I have a four-pack of tickets to give away to one reader to the 7:30 p.m. Saturday performance at the Saroyan Theatre. To enter, leave a comment on this post telling us your favorite “Nutcracker” memory. (Or, if you’ve never seen the show, tell us why you’d like to go.) I’ll select one comment at random as the winner.
Deadline is 2 p.m. THURSDAY.
If you win, you’ll be able to pick up the tickets at the door. Please don’t enter more than once. Check your email between 2 and 2:30 p.m. Thursday to see if you won, because that’s how I’ll be notifying winners. Complete rules on the jump.
In the meantime, you can read my piece about Michaela DePrince’s amazing journey from African orphanage to this weekend’s Sugar Plum Fairy in Thursday’s Life section. (She’s pictured above.)
1. SAY GOODBYE TO ‘ROCKY’
If you haven’t yet seen the Artists’ Repertory Theatre production of “The Rocky Horror Show,” what are you thinking? It’s a great evening. Here’s my review. There are two more performances: 8 p.m. today and Saturday. [Details]
The Central California Ballet’s version of “The Nutcracker” is a happy combination of professional ballet dancers and enthusiastic community members. This year’s production — which played three performances over the weekend at the Saroyan Theatre — was a nice blend of the two.
In some ways, it was the little things that tickled me this year: the way the littlest dancer in the Chinese dragon, stuck in the rear, wiggled the tail. Or the big pillars that look like ice-cream sundaes on the Kingdom of the Sweets backdrop. Or the cleverness of Herr Drosselmeyer’s “magic” box in the party scene. And how about those twitching, restless mice, who manage to be both endearing and rodent-like at the same time?
The pros were in fine form as well. Ethan and Nikki White, who catapulted to national fame thanks to Paula Abdul’s “Live to Dance” TV competition, made an exquisite Sugar Plum Fairy and Cavalier. And a happy homecoming feeling was in the air when it came to Courtney Boyd, a Fresno native who trained with Central California Ballet and is now a member of Santa Monica’s Monat Dance group, when she performed as the “Dew Drop” soloist.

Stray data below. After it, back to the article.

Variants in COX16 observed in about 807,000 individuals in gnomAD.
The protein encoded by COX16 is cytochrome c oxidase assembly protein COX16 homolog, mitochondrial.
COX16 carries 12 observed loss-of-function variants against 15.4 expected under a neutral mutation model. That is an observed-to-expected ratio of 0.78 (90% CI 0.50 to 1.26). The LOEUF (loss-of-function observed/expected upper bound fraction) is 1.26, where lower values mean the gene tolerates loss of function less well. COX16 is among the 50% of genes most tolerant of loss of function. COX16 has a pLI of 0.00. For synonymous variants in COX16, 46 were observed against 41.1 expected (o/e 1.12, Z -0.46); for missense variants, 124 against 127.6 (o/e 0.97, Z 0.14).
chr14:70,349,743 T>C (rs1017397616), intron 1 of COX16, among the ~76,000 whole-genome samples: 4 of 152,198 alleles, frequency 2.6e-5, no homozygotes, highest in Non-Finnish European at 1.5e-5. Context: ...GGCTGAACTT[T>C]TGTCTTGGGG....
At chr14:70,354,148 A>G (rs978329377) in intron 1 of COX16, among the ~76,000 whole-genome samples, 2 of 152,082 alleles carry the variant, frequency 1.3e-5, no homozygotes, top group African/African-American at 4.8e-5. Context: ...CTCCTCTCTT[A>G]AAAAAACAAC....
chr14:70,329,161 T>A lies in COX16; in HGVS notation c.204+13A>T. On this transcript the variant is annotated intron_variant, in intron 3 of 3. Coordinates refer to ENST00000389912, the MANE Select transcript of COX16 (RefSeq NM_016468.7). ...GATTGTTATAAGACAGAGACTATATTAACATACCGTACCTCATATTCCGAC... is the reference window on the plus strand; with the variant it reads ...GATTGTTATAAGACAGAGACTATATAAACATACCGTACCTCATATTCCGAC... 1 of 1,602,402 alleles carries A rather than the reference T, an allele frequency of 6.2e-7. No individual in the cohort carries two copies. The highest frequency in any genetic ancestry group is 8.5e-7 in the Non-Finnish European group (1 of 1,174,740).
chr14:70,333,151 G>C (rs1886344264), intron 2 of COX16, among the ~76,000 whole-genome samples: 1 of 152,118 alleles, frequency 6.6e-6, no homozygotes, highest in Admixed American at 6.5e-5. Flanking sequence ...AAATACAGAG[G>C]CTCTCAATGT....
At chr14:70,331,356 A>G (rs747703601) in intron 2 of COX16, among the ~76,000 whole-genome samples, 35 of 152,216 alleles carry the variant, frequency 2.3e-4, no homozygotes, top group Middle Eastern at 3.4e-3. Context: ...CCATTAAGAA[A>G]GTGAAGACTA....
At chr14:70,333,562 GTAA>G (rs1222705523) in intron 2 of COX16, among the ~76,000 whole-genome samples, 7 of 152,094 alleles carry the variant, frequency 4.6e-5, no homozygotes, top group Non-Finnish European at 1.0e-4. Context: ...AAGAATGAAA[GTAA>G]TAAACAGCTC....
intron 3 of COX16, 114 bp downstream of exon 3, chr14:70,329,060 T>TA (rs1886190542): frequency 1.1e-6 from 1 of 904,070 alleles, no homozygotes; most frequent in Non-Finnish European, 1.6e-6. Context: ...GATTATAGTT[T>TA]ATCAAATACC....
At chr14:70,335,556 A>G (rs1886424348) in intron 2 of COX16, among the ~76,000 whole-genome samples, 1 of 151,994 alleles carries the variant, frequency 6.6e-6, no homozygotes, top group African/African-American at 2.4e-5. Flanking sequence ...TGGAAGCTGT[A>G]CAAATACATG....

But there will be another sure-fire crowd pleaser. In the traditional Russian dance, eight gymnasts from Break the Barriers of Fresno will perform. The organization is dedicated to bringing together people of various abilities into the able-bodied world of sports and arts. The participating dancers are members of the organization’s gymnastics team.
The eight dancers have been rehearsing with the rest of the nearly 100-member cast for the ballet, which will be performed 2 and 7:30 p.m. Saturday and 2 p.m. Sunday.
The Russian dance has some of the most rousing music in Tchaikovsky’s ballet. Diane Mosier, the ballet’s artistic director, says the gymnasts are ready to put on quite a show.
“They can hurl their bodies in the air in a very awesome manner,” she says.
In fact, some of their routine couldn’t be practiced in the ballet company’s rehearsal space at Fresno’s In the Spotlight Dance Center, which has a 10-foot clearance. They had to wait until they got into the actual theater.
“We couldn’t do everything because the ceiling wasn’t high enough,” Mosier says.
When conductor Henrik Jul Hansen raised his baton on Sunday for the opening notes of “The Nutcracker,” it was a fantastic moment.
Ever since the Valley Performing Arts Council teamed with the Sacramento Ballet in 2007 to present a Thanksgiving weekend performance of “The Nutcracker” at the Saroyan Theatre, the production has used recorded music. Many audience members have probably grown accustomed to the experience since then. After all, it’s perfectly good recorded music, right? What difference can it make?